You probably saw the outcry from people, including myself, who plead with people to please seek help if they are struggling with mental illness. That is because this could have been prevented if Chester received the care that he needed. But the stigma attached to mental illness, who people like you perpetuate, is a major reason why we are left with hollow spaces where legendary singers, loved ones and people from all walks of life should have been.

    I know you’re going to be hostile towards what I said and you will keep believing that you are right with how suicide is a grossly selfish act, but I plead with you, do your research, look up testimonials from people who suffer from mental illness and try and understand that situations like this are much more complex than you would ever think. You must have seen the popular paragraph that has been going around recently. How suicide is a person jumping from a burning building and choosing the less painful route than burning alive. That statement is true, I can tell you this with all honesty. You are essentially someone standing on the street and telling that person to embrace the flames rather than trying to get a fire extinguisher.

    So yes, you are right, Chester’s suicide was a solution that only he benefited from. The ones close to him will suffer. But maybe try not accusing a person who was clearly troubled of being selfish as you sit there having absolutely no idea what an illness did to him and further damaging the fight against mental health. Because if people like you continue to do that, we’ll get absolutely nowhere.

    • larch says:

      Actually, I full well know the effects it has on a family unit I lost a loved one to it not long ago. It tore apart the family the dad lost his job the sister ended up in rehab for drug and alcohol abuse and two kids no older than 10 years old were left with the question of: “Where did their mom go?” and “Did she really love us” An entire family destroyed by one single selfish act. So I fully well know the effects it has and what people who experience it goes through. So don’t assume because you are struggling with depression that you are the only one who knows what it is like to face that struggle each day. Just because I don’t suffer from it does not mean I don’t know what it does to someone or their loved ones.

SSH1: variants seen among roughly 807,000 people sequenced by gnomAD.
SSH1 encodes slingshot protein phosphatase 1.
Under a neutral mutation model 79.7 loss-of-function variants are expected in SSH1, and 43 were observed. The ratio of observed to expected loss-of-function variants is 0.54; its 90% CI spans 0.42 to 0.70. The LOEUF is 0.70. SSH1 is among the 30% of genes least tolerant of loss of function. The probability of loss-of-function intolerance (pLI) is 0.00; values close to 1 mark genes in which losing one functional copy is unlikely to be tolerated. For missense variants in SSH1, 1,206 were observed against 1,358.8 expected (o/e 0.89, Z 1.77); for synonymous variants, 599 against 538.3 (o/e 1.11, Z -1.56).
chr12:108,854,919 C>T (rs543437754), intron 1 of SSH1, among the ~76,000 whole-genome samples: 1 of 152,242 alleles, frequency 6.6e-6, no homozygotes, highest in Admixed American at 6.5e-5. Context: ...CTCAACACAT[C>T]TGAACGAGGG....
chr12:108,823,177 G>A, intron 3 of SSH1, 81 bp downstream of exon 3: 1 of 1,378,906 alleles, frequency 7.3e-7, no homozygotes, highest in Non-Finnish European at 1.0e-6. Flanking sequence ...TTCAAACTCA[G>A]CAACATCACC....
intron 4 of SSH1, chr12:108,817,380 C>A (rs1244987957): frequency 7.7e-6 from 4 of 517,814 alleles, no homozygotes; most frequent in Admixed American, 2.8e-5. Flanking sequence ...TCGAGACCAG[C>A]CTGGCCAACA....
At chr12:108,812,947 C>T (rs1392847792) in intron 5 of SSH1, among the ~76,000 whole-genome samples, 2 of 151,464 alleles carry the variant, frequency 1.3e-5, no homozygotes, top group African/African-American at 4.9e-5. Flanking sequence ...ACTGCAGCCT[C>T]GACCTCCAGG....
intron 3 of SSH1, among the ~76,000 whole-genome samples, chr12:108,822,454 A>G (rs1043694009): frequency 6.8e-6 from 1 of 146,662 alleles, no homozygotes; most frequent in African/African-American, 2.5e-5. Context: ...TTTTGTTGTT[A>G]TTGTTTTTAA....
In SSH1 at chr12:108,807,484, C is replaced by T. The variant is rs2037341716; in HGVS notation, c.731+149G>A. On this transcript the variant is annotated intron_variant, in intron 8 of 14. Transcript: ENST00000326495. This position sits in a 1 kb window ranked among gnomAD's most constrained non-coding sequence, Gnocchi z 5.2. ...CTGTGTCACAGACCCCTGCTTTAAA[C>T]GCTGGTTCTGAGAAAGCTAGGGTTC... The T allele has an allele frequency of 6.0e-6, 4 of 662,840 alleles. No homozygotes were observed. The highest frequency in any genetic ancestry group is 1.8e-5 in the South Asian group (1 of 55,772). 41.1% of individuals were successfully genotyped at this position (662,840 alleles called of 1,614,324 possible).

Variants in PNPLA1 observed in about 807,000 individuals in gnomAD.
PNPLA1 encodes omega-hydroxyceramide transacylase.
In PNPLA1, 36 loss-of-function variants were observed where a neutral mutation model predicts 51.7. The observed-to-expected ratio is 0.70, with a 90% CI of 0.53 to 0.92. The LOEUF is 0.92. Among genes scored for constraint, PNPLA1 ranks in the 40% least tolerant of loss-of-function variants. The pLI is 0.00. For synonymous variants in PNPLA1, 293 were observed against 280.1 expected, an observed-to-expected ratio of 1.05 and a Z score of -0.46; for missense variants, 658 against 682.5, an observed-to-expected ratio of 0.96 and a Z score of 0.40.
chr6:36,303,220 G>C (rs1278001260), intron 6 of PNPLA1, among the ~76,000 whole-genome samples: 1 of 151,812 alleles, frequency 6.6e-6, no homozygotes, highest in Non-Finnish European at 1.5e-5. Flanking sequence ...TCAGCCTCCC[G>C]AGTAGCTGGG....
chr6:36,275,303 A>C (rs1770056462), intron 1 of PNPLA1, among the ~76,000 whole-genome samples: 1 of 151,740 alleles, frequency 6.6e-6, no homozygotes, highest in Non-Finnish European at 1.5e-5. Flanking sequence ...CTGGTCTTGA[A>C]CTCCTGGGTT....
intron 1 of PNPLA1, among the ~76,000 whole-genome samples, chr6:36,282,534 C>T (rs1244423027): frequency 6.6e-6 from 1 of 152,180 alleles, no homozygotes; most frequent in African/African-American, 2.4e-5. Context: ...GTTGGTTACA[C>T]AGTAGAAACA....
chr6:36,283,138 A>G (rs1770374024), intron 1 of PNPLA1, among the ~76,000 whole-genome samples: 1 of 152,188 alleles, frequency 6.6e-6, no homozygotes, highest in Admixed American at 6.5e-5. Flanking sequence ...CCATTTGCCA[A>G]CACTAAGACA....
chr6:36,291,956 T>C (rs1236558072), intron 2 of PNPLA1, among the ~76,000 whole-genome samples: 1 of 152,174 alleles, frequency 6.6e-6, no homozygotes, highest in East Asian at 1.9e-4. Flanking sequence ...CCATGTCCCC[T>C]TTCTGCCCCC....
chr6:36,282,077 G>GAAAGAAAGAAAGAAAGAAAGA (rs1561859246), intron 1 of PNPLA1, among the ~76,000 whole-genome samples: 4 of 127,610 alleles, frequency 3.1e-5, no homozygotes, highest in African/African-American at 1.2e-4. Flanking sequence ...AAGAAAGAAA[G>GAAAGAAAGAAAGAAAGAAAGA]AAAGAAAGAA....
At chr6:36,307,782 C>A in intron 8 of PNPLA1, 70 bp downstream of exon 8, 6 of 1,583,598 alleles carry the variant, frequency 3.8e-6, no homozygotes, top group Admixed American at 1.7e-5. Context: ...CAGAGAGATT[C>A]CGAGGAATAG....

Killing yourself has an emotional, social, philosophical, financial, temporal, physical, critical impact on every sphere of association you’re involved in from the intimate to the mundane. The suffering you’re experiencing now could never amount to suffering you cause by committing suicide. Not seeing that is inherently selfish. And making it about just you is extremely self-centered. But I can also say that mental health problems make you incredibly self-absorbed (and I mean that in a non-value laden way, you literally become caught up in your own head and your own world and there is less space for others).

      Suicide is a desperate act by someone who is in intense pain and wants their pain to stop. When my best friend committed suicide I knew she had done everything she could to get through her trauma and out of her depression. She had asked for help and been in therapy programs for years. In a way, she was selfish, but only in the sense that she chose herself above her family, kids and friends. The distress and pain of those impacted is no less emotionally valid than the person suffering from depression.

      And for the record I don’t disagree on anything, just giving you the perspective of someone that was left behind.